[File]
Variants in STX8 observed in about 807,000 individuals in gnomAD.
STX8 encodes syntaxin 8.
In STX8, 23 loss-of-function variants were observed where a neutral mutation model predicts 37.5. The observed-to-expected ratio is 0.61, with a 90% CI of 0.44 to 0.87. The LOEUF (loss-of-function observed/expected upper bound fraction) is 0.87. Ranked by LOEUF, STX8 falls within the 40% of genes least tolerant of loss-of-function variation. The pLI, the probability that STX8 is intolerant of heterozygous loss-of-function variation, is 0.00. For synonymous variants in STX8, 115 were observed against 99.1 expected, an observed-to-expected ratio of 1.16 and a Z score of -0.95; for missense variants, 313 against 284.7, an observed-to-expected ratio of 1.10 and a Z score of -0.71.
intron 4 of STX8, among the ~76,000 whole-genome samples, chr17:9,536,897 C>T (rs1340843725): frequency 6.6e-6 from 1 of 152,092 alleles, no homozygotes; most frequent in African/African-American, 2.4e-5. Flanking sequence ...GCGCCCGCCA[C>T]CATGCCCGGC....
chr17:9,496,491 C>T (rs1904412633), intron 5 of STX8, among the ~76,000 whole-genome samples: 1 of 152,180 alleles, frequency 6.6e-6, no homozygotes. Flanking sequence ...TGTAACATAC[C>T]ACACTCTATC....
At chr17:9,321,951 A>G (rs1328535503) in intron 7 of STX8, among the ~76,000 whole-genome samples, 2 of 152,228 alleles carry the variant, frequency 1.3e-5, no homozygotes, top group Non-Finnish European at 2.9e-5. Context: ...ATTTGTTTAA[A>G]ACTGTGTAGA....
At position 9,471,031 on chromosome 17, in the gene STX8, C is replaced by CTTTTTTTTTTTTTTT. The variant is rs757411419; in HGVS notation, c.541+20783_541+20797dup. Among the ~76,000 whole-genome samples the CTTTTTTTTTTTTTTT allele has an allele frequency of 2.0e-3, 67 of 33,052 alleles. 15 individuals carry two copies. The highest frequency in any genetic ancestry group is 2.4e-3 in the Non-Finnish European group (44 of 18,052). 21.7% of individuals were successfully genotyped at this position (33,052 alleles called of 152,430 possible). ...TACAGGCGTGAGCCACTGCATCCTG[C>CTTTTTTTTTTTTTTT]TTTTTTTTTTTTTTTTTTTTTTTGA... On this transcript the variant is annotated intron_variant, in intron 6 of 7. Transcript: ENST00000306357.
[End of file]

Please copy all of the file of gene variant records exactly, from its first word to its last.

Variants in STX8 observed in about 807,000 individuals in gnomAD.
STX8 encodes syntaxin 8.
In STX8, 23 loss-of-function variants were observed where a neutral mutation model predicts 37.5. The observed-to-expected ratio is 0.61, with a 90% CI of 0.44 to 0.87. The LOEUF (loss-of-function observed/expected upper bound fraction) is 0.87. Ranked by LOEUF, STX8 falls within the 40% of genes least tolerant of loss-of-function variation. The pLI, the probability that STX8 is intolerant of heterozygous loss-of-function variation, is 0.00. For synonymous variants in STX8, 115 were observed against 99.1 expected, an observed-to-expected ratio of 1.16 and a Z score of -0.95; for missense variants, 313 against 284.7, an observed-to-expected ratio of 1.10 and a Z score of -0.71.
intron 4 of STX8, among the ~76,000 whole-genome samples, chr17:9,536,897 C>T (rs1340843725): frequency 6.6e-6 from 1 of 152,092 alleles, no homozygotes; most frequent in African/African-American, 2.4e-5. Flanking sequence ...GCGCCCGCCA[C>T]CATGCCCGGC....
chr17:9,496,491 C>T (rs1904412633), intron 5 of STX8, among the ~76,000 whole-genome samples: 1 of 152,180 alleles, frequency 6.6e-6, no homozygotes. Flanking sequence ...TGTAACATAC[C>T]ACACTCTATC....
At chr17:9,321,951 A>G (rs1328535503) in intron 7 of STX8, among the ~76,000 whole-genome samples, 2 of 152,228 alleles carry the variant, frequency 1.3e-5, no homozygotes, top group Non-Finnish European at 2.9e-5. Context: ...ATTTGTTTAA[A>G]ACTGTGTAGA....
At position 9,471,031 on chromosome 17, in the gene STX8, C is replaced by CTTTTTTTTTTTTTTT. The variant is rs757411419; in HGVS notation, c.541+20783_541+20797dup. Among the ~76,000 whole-genome samples the CTTTTTTTTTTTTTTT allele has an allele frequency of 2.0e-3, 67 of 33,052 alleles. 15 individuals carry two copies. The highest frequency in any genetic ancestry group is 2.4e-3 in the Non-Finnish European group (44 of 18,052). 21.7% of individuals were successfully genotyped at this position (33,052 alleles called of 152,430 possible). ...TACAGGCGTGAGCCACTGCATCCTG[C>CTTTTTTTTTTTTTTT]TTTTTTTTTTTTTTTTTTTTTTTGA... On this transcript the variant is annotated intron_variant, in intron 6 of 7. Transcript: ENST00000306357.